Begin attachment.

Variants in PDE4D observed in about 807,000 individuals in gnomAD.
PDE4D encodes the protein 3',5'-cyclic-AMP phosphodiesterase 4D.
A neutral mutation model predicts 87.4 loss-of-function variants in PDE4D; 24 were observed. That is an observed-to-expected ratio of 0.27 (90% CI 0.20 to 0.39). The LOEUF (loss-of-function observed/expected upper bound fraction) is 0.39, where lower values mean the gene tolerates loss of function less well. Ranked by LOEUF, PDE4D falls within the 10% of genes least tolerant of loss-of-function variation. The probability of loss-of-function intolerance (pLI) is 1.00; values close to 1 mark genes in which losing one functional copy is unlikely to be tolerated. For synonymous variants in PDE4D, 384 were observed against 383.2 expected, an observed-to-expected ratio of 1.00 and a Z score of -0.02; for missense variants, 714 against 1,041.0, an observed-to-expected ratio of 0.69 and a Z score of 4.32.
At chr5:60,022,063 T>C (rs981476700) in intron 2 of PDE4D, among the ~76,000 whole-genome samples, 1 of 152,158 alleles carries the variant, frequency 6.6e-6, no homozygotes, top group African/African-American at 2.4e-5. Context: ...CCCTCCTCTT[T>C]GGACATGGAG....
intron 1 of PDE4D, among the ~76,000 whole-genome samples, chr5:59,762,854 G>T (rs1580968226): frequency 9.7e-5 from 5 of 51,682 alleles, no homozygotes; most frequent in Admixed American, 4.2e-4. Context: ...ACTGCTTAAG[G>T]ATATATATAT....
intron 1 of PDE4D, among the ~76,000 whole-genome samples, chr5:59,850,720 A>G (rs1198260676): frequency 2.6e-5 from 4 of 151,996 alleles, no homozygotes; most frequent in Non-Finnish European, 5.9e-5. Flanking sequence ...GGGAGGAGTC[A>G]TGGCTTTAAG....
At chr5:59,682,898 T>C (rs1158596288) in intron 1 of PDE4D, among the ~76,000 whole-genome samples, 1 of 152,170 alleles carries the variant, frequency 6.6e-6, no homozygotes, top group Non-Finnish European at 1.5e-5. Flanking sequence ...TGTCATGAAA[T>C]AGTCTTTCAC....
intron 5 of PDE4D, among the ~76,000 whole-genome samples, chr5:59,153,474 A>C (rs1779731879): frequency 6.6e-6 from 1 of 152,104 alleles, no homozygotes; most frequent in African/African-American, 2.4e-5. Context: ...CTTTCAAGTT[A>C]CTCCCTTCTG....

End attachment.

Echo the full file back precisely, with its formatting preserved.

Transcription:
Variants in PDE4D observed in about 807,000 individuals in gnomAD.
PDE4D encodes the protein 3',5'-cyclic-AMP phosphodiesterase 4D.
A neutral mutation model predicts 87.4 loss-of-function variants in PDE4D; 24 were observed. That is an observed-to-expected ratio of 0.27 (90% CI 0.20 to 0.39). The LOEUF (loss-of-function observed/expected upper bound fraction) is 0.39, where lower values mean the gene tolerates loss of function less well. Ranked by LOEUF, PDE4D falls within the 10% of genes least tolerant of loss-of-function variation. The probability of loss-of-function intolerance (pLI) is 1.00; values close to 1 mark genes in which losing one functional copy is unlikely to be tolerated. For synonymous variants in PDE4D, 384 were observed against 383.2 expected, an observed-to-expected ratio of 1.00 and a Z score of -0.02; for missense variants, 714 against 1,041.0, an observed-to-expected ratio of 0.69 and a Z score of 4.32.
At chr5:60,022,063 T>C (rs981476700) in intron 2 of PDE4D, among the ~76,000 whole-genome samples, 1 of 152,158 alleles carries the variant, frequency 6.6e-6, no homozygotes, top group African/African-American at 2.4e-5. Context: ...CCCTCCTCTT[T>C]GGACATGGAG....
intron 1 of PDE4D, among the ~76,000 whole-genome samples, chr5:59,762,854 G>T (rs1580968226): frequency 9.7e-5 from 5 of 51,682 alleles, no homozygotes; most frequent in Admixed American, 4.2e-4. Context: ...ACTGCTTAAG[G>T]ATATATATAT....
intron 1 of PDE4D, among the ~76,000 whole-genome samples, chr5:59,850,720 A>G (rs1198260676): frequency 2.6e-5 from 4 of 151,996 alleles, no homozygotes; most frequent in Non-Finnish European, 5.9e-5. Flanking sequence ...GGGAGGAGTC[A>G]TGGCTTTAAG....
At chr5:59,682,898 T>C (rs1158596288) in intron 1 of PDE4D, among the ~76,000 whole-genome samples, 1 of 152,170 alleles carries the variant, frequency 6.6e-6, no homozygotes, top group Non-Finnish European at 1.5e-5. Flanking sequence ...TGTCATGAAA[T>C]AGTCTTTCAC....
intron 5 of PDE4D, among the ~76,000 whole-genome samples, chr5:59,153,474 A>C (rs1779731879): frequency 6.6e-6 from 1 of 152,104 alleles, no homozygotes; most frequent in African/African-American, 2.4e-5. Context: ...CTTTCAAGTT[A>C]CTCCCTTCTG....